Located on the back side of the mountain, Also's Glade is accessible from the top of the triple chair serving Greek Peak East. It receives the most direct sunlight of any of Greek Peak's glades. As a consequence, cover can be an issue in the spring or in leaner snow years, but the snow is softer in mid-winter.
The run parallels the intermediate Mars Hills trail and the two runs have similar grade. The glade has been cleared from a hardwood forest and it follows a set of twists and turns before popping out just above the final pitch of Mars Hills. The most difficult run on the backside is a combination of Also's Glade and then a quick cutover at the exit of the glade to ski the moguls on Arethusa Way.
The Taverna cafeteria in Greek Peak's main base lodge. It serves traditional ski food - hamburgers, hot dogs, pizza and hot chocolate.
Trax Pub & Grill is Greek Peak's newly-remodeled base lodge bar. It features floor-to-ceiling windows overlooking the slopes and flat-screen tvs. The wood-fired pizza is a popular choice as are the almost two dozen beers on tap. The selection includes many local microbrews, including those from nearby Ithaca Beer Co., famous for its "Flower Power IPA." Trax has indoor seating for 250 people and it's a great place to watch the game.
For the upcoming winter, the resort is opening a new 7,000 square foot outdoor heated deck overlooking the slopes.
Greek Peak's village is located across the street from the ski area and is the site of Greek Peak's accomodations. The village does not have a pedestrian core, but rather is a collection of condominiums anchored by the Hope Lake Lodge.
The city of Cortland is the closest nearby town and offers some bars and restaurants. Slightly farther away, the city of Ithaca, home to Cornell University, has a pedestrian downtown on the Ithaca Commons.
Acorn Grill - the main restaurant at the Hope Lake Lodge, the family-friendly Acorn Grill serves dinner 7 days a week. The food is simple, American fare.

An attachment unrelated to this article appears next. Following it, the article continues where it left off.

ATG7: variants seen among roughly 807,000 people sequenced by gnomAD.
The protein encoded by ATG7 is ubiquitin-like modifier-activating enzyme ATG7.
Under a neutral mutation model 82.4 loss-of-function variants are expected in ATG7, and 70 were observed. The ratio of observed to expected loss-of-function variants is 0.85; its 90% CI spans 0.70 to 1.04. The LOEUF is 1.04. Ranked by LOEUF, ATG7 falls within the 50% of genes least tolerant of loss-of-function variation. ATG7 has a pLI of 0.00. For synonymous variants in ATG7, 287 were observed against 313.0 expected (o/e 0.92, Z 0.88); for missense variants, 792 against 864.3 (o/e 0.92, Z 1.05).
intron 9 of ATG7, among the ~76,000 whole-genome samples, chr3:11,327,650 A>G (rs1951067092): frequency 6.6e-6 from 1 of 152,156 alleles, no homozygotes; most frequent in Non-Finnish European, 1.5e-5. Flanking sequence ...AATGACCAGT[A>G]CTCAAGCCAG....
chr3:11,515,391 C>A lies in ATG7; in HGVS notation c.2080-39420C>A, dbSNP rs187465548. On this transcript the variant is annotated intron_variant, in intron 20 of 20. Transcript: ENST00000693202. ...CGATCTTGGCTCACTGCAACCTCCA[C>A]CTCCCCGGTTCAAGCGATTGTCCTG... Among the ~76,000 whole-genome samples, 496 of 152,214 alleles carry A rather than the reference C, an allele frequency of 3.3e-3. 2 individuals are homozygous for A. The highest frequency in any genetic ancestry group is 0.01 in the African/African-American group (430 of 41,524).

Bobcat Lounge - the bar at the Hope Lake Lodge, the Bobcat Lounge specializes in local craft brews and light fare.
Edgewater Cafe at Cascades Indoor Waterpark - located in Greek Peak's indoor waterpark, the Edgewater Cafe serves pizza, hamburgers, fries and kid-friendly fare.
The nearby city of Cortland offers a number of fast food restaurants like McDonalds, Kentucky Fried Chicken, A&W Root Beer, and Applebee's.
Boatyard Grill - located on the Cayuga Inlet at the base of Lake Cayuga, The Boatyard Grill is Ithaca's only waterfron restaurant.
Moosewood Restaurant - famous for its vegetarian cookbook, the Moosewood Restaurant has been proving meatless can still be delicious since 1973.
Shortstop Deli - world-famous for its hot subs, Shortstop Deli and its "Hot Truck" have been featured on the Food Network. Open 24/7/365, Shortstop is a popular choice with Cornell students. We recommend the "SUI" - hold the mushrooms.
Apres-ski is limited to the Bobcat Lounge (in the Hope Lake Lodge) and the Trax Pub and Grill in the main base lodge. Ithaca has a lively bar scene, both downtown near the Ithaca Commons and near Cornell University in Collegetown.
The nordic center at Greek Peak offers 10 miles of trails for all levels of cross country skiers and snowshoers. The trails wind their way around Hope Lake and near the Hope Lake Lodge. Trail passes are $9 on weekdays ($6 children) and $14 on weekends ($9 children). Cross country skis and snowshoes are available for rent.
The Greek Peak Adventure Center provides year-round fun for the whole family. The adventure center features the Nor'Easter mountain coaster, zip lines, a ropes coures, a Euro Bungee Zone (half trampoline/half Bungee jumping), and a 9-lane snow tubing center.
The highlight of the Hope Lake Lodge is the Cascades Indoor Waterpark. Open year-round, the waterpark includes a wave pool, body waterslides, an activity tower with a 500-gallon deluge bucket, a 3-story tube waterslides, a toddler activity pool, indoor/outdoor hot tub and an indoor/outdoor heated pool.
While kids are playing in the indoor water park, parents can enjoy a wide arrany of treatments at the Waterfalls Spa. The spa offers a full-service menu of options, including massages, waxing, manicures and pedicures.
Cornell University is 30 minutes from Greek Peak in Ithaca. The Ivy League university is home to several nationally-ranked sports teams, including its mens' lacrosse and ice hockey squads. Tours of the beautiful campus - complete with waterfalls and Ithaca's famous gorges - are available every day.
The Fingerlakes region is home to dozens of wineries, many of which are within a short drive of the resort. Seneca and Cayuga Lake wineries are famous for their Riesling and Gewurtztraminer.